Great Theme of Symbolism in the Short Story, The Lottery, by by Shirley Jackson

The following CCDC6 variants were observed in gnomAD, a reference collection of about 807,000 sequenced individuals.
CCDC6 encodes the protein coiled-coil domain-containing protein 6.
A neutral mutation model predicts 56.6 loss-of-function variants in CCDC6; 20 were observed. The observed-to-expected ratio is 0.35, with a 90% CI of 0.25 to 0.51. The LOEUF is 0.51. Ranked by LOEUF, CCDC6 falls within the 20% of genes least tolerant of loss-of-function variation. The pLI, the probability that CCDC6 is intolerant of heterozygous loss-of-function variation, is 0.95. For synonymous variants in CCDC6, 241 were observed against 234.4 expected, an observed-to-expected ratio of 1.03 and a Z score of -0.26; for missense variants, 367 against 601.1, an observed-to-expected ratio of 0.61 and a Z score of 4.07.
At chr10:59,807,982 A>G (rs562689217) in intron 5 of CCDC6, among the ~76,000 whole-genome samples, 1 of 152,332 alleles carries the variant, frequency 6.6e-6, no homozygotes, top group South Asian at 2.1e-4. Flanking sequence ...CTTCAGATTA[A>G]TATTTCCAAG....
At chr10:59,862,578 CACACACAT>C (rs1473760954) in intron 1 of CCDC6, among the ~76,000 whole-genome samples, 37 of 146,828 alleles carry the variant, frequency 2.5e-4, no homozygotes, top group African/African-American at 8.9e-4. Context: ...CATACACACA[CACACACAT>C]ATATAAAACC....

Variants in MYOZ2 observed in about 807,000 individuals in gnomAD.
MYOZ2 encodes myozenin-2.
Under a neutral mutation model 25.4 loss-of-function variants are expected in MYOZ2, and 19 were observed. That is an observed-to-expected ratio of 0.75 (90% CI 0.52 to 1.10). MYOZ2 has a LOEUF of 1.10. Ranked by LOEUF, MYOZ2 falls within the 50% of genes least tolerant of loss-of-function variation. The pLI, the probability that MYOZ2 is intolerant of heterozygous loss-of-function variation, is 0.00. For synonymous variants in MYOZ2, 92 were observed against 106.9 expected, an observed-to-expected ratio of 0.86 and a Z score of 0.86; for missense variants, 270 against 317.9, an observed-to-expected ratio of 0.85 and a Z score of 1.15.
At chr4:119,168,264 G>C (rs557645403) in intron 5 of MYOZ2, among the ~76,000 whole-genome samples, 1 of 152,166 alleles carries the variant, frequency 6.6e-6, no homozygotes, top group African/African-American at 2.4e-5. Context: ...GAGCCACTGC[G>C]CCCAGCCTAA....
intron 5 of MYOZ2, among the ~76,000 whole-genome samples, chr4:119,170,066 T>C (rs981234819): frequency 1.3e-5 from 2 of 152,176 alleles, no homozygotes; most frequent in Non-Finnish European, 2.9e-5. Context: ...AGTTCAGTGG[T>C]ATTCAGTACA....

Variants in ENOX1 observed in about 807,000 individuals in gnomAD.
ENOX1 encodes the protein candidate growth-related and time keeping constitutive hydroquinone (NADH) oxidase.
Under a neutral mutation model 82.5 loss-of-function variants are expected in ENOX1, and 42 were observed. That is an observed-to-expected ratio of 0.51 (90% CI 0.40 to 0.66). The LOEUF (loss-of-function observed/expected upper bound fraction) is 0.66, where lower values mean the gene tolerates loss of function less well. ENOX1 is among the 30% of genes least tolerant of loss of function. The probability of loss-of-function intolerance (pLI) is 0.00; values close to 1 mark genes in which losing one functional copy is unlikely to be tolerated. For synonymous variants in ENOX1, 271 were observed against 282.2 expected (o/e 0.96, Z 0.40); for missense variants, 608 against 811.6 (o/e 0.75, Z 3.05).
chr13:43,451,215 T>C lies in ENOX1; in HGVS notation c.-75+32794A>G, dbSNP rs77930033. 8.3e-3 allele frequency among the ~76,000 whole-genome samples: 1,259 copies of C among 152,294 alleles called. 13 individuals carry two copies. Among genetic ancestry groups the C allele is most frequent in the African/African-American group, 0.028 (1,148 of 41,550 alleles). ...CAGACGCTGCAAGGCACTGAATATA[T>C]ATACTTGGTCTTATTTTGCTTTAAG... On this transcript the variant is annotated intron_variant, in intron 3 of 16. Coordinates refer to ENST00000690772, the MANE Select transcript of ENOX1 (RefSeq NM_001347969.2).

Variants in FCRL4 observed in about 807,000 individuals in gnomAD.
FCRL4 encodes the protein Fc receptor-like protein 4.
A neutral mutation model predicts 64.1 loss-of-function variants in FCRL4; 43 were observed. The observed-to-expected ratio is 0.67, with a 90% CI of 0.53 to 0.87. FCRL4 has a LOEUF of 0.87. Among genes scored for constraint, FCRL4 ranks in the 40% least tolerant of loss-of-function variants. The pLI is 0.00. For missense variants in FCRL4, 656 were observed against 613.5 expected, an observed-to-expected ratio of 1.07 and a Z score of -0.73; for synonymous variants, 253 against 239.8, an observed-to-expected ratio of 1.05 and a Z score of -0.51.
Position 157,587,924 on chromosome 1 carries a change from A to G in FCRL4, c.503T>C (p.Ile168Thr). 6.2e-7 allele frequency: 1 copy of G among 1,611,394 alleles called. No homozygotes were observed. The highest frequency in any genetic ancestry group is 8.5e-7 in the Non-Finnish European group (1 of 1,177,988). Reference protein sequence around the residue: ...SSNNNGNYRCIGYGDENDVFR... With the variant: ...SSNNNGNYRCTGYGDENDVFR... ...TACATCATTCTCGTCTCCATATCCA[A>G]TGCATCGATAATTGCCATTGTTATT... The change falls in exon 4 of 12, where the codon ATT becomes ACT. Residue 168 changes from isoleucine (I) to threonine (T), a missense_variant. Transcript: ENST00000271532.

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It is often said that good things come in small packages, and short stories are a great example of that. Short stories, although not as lengthy as other forms of literature, still create a huge impact in a limited amount of time. The goal of most short stories is to convey a message or moral, but like any form of literature, some short stories are better than others. Out of all the short fictions read in the Grade 11 English curriculum, The Lottery by Shirley Jackson is by far the most important story read because of the theme, the characters and the symbolism. The Lottery is a story about a community, who every year draws the lottery for someone in the village. A lottery is often associated with positive things such as prizes, and money, however, this story has a twist; whoever gets the black marked lottery ticket is stoned by the community people as it is a long tradition that has been passed down generation after generation. As bizarre and crazy as The Lottery seems, it can be compared very much to World War II. The lottery picking represents an action, the action of unjustified persecution and the danger of following traditions blindly. Having picked the black mark is not a valid excuse for execution and neither is being Jewish, they are both things that as a human beings, there is no physical control over. However, no one dared to speak up in the community because it was historical ritual. No matter how bizarre and morally incorrect it seemed, to the community it was
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